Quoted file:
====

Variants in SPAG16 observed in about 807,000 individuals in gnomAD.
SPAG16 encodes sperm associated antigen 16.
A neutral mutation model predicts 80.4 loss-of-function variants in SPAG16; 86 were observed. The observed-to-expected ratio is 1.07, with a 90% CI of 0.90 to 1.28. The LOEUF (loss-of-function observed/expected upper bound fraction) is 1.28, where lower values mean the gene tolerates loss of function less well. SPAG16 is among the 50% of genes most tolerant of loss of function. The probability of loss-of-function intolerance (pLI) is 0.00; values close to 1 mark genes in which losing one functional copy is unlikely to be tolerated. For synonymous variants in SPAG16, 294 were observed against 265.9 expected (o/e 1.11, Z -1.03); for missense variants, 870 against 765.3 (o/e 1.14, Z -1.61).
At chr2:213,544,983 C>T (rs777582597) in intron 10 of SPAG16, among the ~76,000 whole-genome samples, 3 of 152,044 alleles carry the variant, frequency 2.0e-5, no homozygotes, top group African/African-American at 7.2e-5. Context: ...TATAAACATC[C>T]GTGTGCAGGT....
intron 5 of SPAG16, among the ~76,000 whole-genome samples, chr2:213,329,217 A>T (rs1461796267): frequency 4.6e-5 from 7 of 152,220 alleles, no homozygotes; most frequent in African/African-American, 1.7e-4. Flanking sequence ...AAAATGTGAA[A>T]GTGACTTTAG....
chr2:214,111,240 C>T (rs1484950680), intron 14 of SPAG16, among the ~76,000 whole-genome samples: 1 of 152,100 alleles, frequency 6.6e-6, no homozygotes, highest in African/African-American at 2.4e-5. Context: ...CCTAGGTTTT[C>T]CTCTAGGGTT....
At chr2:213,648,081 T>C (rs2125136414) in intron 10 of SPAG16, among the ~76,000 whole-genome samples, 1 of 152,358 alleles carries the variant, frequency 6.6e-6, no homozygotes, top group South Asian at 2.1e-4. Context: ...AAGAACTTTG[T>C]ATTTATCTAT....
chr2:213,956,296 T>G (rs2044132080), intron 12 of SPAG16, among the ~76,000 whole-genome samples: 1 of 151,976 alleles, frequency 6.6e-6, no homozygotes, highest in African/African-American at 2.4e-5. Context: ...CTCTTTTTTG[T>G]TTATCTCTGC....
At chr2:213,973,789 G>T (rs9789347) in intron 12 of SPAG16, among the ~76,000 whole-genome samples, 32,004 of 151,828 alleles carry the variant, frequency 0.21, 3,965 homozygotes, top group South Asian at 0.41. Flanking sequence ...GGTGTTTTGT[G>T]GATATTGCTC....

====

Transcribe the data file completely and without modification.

Variants in SPAG16 observed in about 807,000 individuals in gnomAD.
SPAG16 encodes sperm associated antigen 16.
A neutral mutation model predicts 80.4 loss-of-function variants in SPAG16; 86 were observed. The observed-to-expected ratio is 1.07, with a 90% CI of 0.90 to 1.28. The LOEUF (loss-of-function observed/expected upper bound fraction) is 1.28, where lower values mean the gene tolerates loss of function less well. SPAG16 is among the 50% of genes most tolerant of loss of function. The probability of loss-of-function intolerance (pLI) is 0.00; values close to 1 mark genes in which losing one functional copy is unlikely to be tolerated. For synonymous variants in SPAG16, 294 were observed against 265.9 expected (o/e 1.11, Z -1.03); for missense variants, 870 against 765.3 (o/e 1.14, Z -1.61).
At chr2:213,544,983 C>T (rs777582597) in intron 10 of SPAG16, among the ~76,000 whole-genome samples, 3 of 152,044 alleles carry the variant, frequency 2.0e-5, no homozygotes, top group African/African-American at 7.2e-5. Context: ...TATAAACATC[C>T]GTGTGCAGGT....
intron 5 of SPAG16, among the ~76,000 whole-genome samples, chr2:213,329,217 A>T (rs1461796267): frequency 4.6e-5 from 7 of 152,220 alleles, no homozygotes; most frequent in African/African-American, 1.7e-4. Flanking sequence ...AAAATGTGAA[A>T]GTGACTTTAG....
chr2:214,111,240 C>T (rs1484950680), intron 14 of SPAG16, among the ~76,000 whole-genome samples: 1 of 152,100 alleles, frequency 6.6e-6, no homozygotes, highest in African/African-American at 2.4e-5. Context: ...CCTAGGTTTT[C>T]CTCTAGGGTT....
At chr2:213,648,081 T>C (rs2125136414) in intron 10 of SPAG16, among the ~76,000 whole-genome samples, 1 of 152,358 alleles carries the variant, frequency 6.6e-6, no homozygotes, top group South Asian at 2.1e-4. Context: ...AAGAACTTTG[T>C]ATTTATCTAT....
chr2:213,956,296 T>G (rs2044132080), intron 12 of SPAG16, among the ~76,000 whole-genome samples: 1 of 151,976 alleles, frequency 6.6e-6, no homozygotes, highest in African/African-American at 2.4e-5. Context: ...CTCTTTTTTG[T>G]TTATCTCTGC....
At chr2:213,973,789 G>T (rs9789347) in intron 12 of SPAG16, among the ~76,000 whole-genome samples, 32,004 of 151,828 alleles carry the variant, frequency 0.21, 3,965 homozygotes, top group South Asian at 0.41. Flanking sequence ...GGTGTTTTGT[G>T]GATATTGCTC....